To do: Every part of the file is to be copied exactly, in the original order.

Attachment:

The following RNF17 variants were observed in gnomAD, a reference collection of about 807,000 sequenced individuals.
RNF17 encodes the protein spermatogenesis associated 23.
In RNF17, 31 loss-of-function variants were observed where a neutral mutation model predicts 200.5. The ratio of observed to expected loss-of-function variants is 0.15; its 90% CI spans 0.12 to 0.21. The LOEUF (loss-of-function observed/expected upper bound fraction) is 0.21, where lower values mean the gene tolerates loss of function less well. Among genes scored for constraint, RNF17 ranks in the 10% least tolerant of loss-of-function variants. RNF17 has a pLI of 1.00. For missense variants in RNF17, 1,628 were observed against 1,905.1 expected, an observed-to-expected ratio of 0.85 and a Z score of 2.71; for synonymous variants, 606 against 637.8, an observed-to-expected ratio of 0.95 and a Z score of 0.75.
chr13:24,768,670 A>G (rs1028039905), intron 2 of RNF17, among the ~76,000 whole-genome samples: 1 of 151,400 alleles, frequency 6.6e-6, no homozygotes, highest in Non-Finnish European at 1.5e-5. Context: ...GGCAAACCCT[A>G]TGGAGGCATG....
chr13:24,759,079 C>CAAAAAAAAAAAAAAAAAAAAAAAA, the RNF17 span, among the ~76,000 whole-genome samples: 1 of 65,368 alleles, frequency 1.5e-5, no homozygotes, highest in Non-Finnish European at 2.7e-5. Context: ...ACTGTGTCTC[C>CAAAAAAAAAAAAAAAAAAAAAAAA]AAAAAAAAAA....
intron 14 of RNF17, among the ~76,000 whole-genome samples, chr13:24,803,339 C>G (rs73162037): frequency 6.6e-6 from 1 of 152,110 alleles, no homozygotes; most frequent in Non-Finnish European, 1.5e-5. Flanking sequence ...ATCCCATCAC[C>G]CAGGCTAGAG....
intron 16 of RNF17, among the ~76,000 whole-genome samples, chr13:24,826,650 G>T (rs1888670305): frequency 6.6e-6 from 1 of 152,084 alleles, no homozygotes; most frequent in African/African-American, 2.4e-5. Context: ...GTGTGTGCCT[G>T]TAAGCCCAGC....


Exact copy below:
The following RNF17 variants were observed in gnomAD, a reference collection of about 807,000 sequenced individuals.
RNF17 encodes the protein spermatogenesis associated 23.
In RNF17, 31 loss-of-function variants were observed where a neutral mutation model predicts 200.5. The ratio of observed to expected loss-of-function variants is 0.15; its 90% CI spans 0.12 to 0.21. The LOEUF (loss-of-function observed/expected upper bound fraction) is 0.21, where lower values mean the gene tolerates loss of function less well. Among genes scored for constraint, RNF17 ranks in the 10% least tolerant of loss-of-function variants. RNF17 has a pLI of 1.00. For missense variants in RNF17, 1,628 were observed against 1,905.1 expected, an observed-to-expected ratio of 0.85 and a Z score of 2.71; for synonymous variants, 606 against 637.8, an observed-to-expected ratio of 0.95 and a Z score of 0.75.
chr13:24,768,670 A>G (rs1028039905), intron 2 of RNF17, among the ~76,000 whole-genome samples: 1 of 151,400 alleles, frequency 6.6e-6, no homozygotes, highest in Non-Finnish European at 1.5e-5. Context: ...GGCAAACCCT[A>G]TGGAGGCATG....
chr13:24,759,079 C>CAAAAAAAAAAAAAAAAAAAAAAAA, the RNF17 span, among the ~76,000 whole-genome samples: 1 of 65,368 alleles, frequency 1.5e-5, no homozygotes, highest in Non-Finnish European at 2.7e-5. Context: ...ACTGTGTCTC[C>CAAAAAAAAAAAAAAAAAAAAAAAA]AAAAAAAAAA....
intron 14 of RNF17, among the ~76,000 whole-genome samples, chr13:24,803,339 C>G (rs73162037): frequency 6.6e-6 from 1 of 152,110 alleles, no homozygotes; most frequent in Non-Finnish European, 1.5e-5. Flanking sequence ...ATCCCATCAC[C>G]CAGGCTAGAG....
intron 16 of RNF17, among the ~76,000 whole-genome samples, chr13:24,826,650 G>T (rs1888670305): frequency 6.6e-6 from 1 of 152,084 alleles, no homozygotes; most frequent in African/African-American, 2.4e-5. Context: ...GTGTGTGCCT[G>T]TAAGCCCAGC....